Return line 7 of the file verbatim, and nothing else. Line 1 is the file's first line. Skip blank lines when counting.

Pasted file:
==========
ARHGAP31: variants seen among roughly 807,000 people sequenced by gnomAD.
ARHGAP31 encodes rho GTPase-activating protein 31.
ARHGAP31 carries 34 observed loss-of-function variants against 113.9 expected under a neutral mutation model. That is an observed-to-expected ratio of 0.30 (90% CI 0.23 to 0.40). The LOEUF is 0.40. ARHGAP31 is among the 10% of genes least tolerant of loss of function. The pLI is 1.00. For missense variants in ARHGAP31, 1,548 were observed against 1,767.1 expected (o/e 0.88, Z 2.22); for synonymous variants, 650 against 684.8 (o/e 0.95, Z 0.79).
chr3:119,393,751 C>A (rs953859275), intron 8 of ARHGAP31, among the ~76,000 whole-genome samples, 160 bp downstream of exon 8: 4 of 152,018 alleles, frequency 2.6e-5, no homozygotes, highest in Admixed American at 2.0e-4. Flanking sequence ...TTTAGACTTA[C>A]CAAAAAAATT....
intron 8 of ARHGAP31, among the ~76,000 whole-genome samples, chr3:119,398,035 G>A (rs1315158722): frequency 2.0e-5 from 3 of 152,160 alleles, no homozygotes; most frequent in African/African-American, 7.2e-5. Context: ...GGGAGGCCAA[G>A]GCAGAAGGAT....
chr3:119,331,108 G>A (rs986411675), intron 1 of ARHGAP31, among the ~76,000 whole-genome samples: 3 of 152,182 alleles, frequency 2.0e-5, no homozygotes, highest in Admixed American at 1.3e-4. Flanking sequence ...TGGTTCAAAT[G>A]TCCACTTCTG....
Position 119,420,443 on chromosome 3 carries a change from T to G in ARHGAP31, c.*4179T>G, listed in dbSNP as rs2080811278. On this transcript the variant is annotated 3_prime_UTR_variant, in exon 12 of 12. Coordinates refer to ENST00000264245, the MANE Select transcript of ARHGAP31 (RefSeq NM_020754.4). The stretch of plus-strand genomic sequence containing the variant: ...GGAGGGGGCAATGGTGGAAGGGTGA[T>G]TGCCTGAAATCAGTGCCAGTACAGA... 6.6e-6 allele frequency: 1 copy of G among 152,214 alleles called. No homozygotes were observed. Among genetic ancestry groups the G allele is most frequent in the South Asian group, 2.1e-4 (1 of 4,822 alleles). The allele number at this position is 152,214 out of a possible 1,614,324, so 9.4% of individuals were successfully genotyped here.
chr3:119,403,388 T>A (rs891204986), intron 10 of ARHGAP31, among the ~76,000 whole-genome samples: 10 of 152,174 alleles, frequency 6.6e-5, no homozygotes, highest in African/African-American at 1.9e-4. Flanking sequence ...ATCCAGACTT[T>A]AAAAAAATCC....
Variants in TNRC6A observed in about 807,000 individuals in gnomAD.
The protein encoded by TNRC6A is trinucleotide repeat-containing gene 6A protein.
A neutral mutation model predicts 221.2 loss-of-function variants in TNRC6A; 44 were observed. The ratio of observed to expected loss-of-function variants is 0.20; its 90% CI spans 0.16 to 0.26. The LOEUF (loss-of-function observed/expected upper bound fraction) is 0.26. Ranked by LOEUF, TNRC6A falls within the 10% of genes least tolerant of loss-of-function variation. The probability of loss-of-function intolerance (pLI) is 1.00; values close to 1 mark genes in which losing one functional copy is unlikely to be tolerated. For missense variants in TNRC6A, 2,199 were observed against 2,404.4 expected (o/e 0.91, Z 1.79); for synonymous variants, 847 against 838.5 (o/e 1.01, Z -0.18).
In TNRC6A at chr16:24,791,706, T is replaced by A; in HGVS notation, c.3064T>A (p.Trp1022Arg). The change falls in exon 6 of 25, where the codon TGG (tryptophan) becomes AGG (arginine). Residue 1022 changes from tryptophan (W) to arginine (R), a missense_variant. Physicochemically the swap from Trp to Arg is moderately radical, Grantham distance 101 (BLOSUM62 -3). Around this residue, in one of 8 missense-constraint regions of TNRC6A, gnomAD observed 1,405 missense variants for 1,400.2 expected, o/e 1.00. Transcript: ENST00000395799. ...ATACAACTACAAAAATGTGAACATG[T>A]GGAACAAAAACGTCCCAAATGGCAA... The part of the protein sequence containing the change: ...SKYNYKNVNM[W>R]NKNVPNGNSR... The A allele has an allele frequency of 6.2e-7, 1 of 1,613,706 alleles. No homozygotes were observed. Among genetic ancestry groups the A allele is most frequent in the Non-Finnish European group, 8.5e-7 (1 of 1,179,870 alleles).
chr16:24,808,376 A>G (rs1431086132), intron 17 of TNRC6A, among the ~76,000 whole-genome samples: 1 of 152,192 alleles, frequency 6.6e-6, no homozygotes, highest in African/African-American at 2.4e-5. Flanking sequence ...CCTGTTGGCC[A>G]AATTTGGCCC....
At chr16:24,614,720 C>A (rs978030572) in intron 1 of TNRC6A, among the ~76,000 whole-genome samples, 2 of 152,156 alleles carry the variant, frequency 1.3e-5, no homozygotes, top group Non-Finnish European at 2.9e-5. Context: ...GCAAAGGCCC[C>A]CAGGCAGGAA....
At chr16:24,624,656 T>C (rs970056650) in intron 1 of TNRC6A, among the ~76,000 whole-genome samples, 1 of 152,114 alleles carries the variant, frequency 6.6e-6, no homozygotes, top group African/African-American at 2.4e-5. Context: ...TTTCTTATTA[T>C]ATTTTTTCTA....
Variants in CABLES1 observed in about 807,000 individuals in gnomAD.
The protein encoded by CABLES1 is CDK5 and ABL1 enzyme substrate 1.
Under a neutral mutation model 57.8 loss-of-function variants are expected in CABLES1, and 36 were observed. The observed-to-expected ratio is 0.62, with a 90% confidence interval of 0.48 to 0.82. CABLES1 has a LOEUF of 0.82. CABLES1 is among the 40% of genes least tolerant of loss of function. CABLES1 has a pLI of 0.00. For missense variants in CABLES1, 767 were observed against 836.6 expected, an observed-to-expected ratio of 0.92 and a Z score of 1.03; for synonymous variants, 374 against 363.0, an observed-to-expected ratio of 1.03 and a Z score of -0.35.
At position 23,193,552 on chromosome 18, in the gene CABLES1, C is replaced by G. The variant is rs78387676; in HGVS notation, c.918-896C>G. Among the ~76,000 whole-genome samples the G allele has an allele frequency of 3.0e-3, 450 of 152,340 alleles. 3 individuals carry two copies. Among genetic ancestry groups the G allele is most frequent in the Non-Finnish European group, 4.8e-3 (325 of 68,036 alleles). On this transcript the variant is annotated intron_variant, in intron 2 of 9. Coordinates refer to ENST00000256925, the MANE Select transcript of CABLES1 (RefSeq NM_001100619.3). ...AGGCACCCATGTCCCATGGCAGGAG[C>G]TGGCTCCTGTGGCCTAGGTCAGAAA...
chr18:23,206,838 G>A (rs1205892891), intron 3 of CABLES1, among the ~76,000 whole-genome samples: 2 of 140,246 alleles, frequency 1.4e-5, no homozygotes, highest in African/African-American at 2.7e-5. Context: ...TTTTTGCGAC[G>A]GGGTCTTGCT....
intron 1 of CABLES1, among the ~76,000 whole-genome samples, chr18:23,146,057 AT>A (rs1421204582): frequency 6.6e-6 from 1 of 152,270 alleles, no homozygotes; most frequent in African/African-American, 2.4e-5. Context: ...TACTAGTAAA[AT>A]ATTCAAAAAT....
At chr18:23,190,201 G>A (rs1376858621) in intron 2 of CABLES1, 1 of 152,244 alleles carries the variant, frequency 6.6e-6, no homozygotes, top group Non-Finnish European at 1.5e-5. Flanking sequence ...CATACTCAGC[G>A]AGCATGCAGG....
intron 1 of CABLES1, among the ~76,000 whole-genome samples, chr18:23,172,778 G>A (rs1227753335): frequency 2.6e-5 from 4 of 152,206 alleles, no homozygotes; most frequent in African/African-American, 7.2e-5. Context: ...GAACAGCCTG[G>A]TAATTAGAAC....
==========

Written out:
Position 119,420,443 on chromosome 3 carries a change from T to G in ARHGAP31, c.*4179T>G, listed in dbSNP as rs2080811278. On this transcript the variant is annotated 3_prime_UTR_variant, in exon 12 of 12. Coordinates refer to ENST00000264245, the MANE Select transcript of ARHGAP31 (RefSeq NM_020754.4). The stretch of plus-strand genomic sequence containing the variant: ...GGAGGGGGCAATGGTGGAAGGGTGA[T>G]TGCCTGAAATCAGTGCCAGTACAGA... 6.6e-6 allele frequency: 1 copy of G among 152,214 alleles called. No homozygotes were observed. Among genetic ancestry groups the G allele is most frequent in the South Asian group, 2.1e-4 (1 of 4,822 alleles). The allele number at this position is 152,214 out of a possible 1,614,324, so 9.4% of individuals were successfully genotyped here.